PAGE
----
Newspaper article The Christian Science Monitor

Banks Too Big to Fail? Break 'Em Up, Congress

Newspaper article The Christian Science Monitor

Banks Too Big to Fail? Break 'Em Up, Congress

Article excerpt

Congress shouldn't let financial institutions get large enough to wreck the financial system. But questions abound about whether the Feds can be honest regulators.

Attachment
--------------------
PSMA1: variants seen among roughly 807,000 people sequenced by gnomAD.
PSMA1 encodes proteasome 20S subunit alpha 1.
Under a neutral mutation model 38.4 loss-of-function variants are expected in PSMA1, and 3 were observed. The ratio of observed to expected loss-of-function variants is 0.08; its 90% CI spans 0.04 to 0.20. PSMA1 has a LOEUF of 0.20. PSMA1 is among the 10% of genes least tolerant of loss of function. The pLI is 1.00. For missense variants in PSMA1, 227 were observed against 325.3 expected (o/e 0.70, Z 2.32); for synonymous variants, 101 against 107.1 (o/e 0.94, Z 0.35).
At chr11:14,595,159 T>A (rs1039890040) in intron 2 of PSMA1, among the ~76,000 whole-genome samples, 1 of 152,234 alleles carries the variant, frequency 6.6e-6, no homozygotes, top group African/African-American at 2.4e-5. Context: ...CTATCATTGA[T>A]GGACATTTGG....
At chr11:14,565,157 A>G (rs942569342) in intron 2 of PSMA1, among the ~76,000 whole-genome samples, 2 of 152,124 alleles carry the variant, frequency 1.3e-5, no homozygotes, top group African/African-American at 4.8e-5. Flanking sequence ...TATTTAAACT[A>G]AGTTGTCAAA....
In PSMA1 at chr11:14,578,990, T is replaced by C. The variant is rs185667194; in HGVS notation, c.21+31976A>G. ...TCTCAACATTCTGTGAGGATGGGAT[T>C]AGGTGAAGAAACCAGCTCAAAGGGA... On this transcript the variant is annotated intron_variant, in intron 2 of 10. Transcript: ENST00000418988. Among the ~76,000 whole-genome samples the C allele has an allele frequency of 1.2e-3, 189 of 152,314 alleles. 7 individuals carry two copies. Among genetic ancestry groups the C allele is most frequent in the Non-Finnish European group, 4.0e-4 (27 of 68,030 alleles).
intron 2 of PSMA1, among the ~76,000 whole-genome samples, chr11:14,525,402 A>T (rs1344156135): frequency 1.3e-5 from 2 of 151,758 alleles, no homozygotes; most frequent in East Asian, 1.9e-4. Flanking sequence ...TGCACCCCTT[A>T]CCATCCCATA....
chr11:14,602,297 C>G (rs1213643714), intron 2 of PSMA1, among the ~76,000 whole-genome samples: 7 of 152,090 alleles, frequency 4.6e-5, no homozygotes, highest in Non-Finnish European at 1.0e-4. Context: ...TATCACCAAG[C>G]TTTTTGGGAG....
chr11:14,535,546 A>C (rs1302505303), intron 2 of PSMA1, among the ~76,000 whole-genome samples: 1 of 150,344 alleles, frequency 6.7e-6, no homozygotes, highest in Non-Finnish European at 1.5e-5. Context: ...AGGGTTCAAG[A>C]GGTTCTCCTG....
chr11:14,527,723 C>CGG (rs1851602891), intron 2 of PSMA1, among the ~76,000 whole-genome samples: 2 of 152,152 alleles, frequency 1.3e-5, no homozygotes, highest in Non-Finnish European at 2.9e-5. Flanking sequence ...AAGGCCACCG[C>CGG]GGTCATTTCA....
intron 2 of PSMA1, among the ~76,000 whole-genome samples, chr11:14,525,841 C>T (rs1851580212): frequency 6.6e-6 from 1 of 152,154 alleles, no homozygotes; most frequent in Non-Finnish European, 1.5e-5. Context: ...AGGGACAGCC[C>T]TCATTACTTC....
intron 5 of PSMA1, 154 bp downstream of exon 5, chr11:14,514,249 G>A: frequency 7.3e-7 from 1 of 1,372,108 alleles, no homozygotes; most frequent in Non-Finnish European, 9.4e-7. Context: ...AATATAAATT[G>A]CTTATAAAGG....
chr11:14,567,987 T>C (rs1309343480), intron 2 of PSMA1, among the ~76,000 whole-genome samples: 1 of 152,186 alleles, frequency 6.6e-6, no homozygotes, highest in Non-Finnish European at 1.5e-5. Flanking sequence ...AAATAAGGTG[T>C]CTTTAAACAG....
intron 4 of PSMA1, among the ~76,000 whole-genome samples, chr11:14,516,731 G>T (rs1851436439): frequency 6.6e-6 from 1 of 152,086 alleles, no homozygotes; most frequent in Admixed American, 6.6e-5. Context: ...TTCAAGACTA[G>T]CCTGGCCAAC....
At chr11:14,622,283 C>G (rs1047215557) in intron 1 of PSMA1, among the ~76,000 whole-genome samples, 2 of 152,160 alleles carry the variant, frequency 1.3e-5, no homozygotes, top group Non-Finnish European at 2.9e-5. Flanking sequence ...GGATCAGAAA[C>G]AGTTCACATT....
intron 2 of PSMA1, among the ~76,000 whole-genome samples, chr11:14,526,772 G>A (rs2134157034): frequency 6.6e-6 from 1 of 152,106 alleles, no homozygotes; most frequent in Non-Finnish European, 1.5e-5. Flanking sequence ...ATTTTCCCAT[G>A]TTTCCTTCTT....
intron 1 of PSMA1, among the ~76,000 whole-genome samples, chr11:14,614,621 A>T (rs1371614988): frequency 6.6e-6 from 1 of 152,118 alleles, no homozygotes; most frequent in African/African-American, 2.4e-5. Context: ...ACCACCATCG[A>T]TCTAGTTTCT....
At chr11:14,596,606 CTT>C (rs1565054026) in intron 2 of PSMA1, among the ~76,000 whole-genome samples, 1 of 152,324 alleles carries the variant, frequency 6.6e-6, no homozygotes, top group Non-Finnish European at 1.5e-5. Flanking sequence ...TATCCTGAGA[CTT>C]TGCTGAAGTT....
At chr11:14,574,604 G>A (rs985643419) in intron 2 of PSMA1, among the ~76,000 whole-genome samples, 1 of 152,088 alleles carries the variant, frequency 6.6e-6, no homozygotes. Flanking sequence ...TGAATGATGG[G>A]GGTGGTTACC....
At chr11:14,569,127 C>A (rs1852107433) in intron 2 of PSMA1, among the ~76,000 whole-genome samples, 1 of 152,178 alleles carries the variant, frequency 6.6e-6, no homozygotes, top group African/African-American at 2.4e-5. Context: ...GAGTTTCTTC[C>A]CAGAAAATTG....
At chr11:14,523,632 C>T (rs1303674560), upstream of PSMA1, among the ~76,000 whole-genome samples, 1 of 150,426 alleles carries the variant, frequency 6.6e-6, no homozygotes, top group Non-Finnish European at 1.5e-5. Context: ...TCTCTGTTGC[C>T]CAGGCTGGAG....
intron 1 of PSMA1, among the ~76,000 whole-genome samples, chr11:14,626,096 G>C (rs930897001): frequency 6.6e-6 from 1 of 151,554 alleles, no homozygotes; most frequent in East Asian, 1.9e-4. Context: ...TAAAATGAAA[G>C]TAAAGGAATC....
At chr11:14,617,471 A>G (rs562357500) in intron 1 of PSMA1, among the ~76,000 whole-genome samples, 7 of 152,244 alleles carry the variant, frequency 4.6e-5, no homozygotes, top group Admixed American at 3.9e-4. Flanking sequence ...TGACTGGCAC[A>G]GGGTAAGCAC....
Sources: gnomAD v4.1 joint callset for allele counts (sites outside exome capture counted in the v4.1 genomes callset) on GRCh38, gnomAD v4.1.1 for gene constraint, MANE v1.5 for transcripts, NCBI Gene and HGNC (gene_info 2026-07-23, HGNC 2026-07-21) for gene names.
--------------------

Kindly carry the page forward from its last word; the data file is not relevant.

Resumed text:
If a financial company is deemed "too big to fail," the remedy seems simple: Break it up. Make the bank small enough that even if casino-type investments lead to crisis, it will not threaten the entire financial system. And don't let any financial giant super- size in the future. Financial reformers in Congress talk about avoiding using more taxpayer money for future bank rescues. So far, though, neither the House nor the Senate reform bills propose radical steps to make giant banks immediately smaller. "Congress is spending more time over organizational boxes - whether the Fed [Federal Reserve] or a 'council of regulators' or some other entity will oversee the financial system looking for systemic risk - than getting to the root remedies," notes Robert Reich, an economist at the University of California, Berkeley, and former secretary of Labor. He proposes: 1. Resurrecting the Glass-Steagall Act, the Depression-era law prohibiting commercial bank-holding companies from owning investment banking firms or other more risky financial companies. It was repealed in 1999. 2. Applying antitrust laws to break up "the biggest banks that have undue market power." The strongest measure before Congress, proposed by Rep. Paul Kanjorski (D) of Pennsylvania, would empower a new Financial Services Oversight Council "to rein in and dismantle financial firms that are so large, inter-connected, or risky that their collapse would put at risk the entire American economic system, even if those firms currently appear to be well-capitalized and healthy," states the congressman's press release. This measure passed the House Financial Services Committee Nov. 18 as an amendment to the Financial Stability Improvement Act, the bill negotiated by committee chairman Barney Frank. …

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